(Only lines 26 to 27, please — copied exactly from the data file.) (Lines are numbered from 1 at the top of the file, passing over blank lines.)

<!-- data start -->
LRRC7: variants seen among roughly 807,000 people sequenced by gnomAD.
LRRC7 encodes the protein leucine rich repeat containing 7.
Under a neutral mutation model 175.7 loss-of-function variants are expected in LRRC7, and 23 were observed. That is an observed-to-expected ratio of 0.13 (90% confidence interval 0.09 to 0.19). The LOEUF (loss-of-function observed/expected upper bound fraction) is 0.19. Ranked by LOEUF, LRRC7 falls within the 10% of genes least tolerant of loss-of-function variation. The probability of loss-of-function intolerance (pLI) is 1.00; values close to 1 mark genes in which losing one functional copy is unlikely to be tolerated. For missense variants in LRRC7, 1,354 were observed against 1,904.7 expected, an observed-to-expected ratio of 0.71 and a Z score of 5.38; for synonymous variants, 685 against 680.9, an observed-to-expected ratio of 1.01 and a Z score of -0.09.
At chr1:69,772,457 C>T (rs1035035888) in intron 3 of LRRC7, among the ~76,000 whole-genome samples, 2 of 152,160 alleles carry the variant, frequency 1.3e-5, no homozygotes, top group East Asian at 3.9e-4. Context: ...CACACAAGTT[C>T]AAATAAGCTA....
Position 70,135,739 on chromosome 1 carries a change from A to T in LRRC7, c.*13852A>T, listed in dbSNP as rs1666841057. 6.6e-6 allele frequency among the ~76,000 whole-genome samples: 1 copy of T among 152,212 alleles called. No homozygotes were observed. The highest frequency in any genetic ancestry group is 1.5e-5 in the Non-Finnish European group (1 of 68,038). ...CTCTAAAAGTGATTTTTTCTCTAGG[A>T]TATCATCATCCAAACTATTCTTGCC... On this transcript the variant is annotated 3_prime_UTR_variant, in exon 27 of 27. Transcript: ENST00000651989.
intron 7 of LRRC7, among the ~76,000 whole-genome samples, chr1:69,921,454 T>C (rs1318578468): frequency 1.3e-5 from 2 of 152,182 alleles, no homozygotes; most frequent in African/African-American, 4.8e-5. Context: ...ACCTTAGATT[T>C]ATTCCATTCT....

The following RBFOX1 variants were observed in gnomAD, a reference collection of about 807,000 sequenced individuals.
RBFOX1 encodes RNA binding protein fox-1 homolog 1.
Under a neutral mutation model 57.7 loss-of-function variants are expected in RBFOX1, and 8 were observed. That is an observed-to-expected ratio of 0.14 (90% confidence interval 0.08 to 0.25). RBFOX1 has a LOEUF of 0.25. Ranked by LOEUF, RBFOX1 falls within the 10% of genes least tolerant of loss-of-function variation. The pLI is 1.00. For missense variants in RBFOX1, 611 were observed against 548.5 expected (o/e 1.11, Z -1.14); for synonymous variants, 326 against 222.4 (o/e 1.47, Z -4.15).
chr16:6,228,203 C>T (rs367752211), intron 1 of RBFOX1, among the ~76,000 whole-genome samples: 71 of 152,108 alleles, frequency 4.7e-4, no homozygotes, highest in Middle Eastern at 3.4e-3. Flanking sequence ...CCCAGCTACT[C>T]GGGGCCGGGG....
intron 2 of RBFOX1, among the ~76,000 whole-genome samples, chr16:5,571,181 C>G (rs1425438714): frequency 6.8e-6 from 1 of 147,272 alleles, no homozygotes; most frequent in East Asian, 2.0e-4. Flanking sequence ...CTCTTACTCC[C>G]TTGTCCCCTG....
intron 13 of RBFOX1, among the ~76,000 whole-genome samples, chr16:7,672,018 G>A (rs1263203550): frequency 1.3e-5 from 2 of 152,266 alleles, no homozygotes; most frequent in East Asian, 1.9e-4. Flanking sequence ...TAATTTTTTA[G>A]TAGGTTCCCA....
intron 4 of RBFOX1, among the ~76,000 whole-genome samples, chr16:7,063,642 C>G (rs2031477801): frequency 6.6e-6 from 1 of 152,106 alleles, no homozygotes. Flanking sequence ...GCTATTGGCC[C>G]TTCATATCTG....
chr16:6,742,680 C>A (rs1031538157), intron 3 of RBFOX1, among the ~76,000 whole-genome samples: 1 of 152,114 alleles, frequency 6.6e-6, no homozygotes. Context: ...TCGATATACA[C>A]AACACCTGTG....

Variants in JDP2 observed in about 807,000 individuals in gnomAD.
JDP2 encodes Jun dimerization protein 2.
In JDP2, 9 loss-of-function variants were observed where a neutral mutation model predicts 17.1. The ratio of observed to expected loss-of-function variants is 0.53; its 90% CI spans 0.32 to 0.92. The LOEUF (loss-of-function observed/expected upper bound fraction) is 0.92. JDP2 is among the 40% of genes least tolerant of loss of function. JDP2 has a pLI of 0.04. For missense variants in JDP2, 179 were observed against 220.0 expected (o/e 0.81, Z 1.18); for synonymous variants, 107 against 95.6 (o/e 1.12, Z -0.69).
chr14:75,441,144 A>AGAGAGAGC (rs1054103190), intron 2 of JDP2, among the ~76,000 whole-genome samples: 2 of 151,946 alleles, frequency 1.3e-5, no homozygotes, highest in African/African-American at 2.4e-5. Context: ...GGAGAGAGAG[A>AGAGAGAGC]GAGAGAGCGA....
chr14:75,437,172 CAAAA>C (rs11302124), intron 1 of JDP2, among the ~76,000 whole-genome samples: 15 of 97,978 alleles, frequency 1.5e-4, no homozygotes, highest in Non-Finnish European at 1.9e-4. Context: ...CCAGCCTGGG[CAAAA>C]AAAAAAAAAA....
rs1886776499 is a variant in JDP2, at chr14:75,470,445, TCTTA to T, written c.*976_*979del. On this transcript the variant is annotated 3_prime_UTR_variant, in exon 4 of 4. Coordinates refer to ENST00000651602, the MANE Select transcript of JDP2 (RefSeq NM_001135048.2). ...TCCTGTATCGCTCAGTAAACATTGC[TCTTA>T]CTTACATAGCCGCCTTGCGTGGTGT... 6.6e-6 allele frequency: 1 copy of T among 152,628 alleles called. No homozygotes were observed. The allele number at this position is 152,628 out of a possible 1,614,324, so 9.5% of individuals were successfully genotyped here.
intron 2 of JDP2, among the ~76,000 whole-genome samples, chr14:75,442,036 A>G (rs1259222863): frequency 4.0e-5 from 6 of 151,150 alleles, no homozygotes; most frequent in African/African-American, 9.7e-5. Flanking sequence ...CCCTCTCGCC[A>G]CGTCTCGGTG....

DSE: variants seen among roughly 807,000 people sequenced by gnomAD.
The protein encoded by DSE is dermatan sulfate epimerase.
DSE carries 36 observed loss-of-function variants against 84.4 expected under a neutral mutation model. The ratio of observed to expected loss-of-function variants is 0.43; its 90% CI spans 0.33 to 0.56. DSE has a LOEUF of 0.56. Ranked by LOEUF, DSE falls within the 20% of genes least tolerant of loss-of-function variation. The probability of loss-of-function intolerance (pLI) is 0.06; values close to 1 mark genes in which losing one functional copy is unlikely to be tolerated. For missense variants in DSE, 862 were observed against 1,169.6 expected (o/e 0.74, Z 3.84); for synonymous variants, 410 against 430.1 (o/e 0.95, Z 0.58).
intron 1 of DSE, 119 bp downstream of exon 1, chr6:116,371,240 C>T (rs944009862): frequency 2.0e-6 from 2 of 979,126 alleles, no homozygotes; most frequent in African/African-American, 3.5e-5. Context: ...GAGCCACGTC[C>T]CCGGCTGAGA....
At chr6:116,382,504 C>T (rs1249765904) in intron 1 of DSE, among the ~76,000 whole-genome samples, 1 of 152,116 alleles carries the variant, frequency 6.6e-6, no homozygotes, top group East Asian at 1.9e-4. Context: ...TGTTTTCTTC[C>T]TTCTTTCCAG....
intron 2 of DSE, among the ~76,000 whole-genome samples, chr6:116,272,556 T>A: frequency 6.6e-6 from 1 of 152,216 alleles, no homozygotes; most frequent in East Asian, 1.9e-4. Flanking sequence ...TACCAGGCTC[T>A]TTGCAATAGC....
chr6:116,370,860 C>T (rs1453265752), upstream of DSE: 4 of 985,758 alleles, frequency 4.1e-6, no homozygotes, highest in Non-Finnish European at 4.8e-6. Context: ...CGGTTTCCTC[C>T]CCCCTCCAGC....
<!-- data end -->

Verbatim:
At chr6:116,382,504 C>T (rs1249765904) in intron 1 of DSE, among the ~76,000 whole-genome samples, 1 of 152,116 alleles carries the variant, frequency 6.6e-6, no homozygotes, top group East Asian at 1.9e-4. Context: ...TGTTTTCTTC[C>T]TTCTTTCCAG....
intron 2 of DSE, among the ~76,000 whole-genome samples, chr6:116,272,556 T>A: frequency 6.6e-6 from 1 of 152,216 alleles, no homozygotes; most frequent in East Asian, 1.9e-4. Flanking sequence ...TACCAGGCTC[T>A]TTGCAATAGC....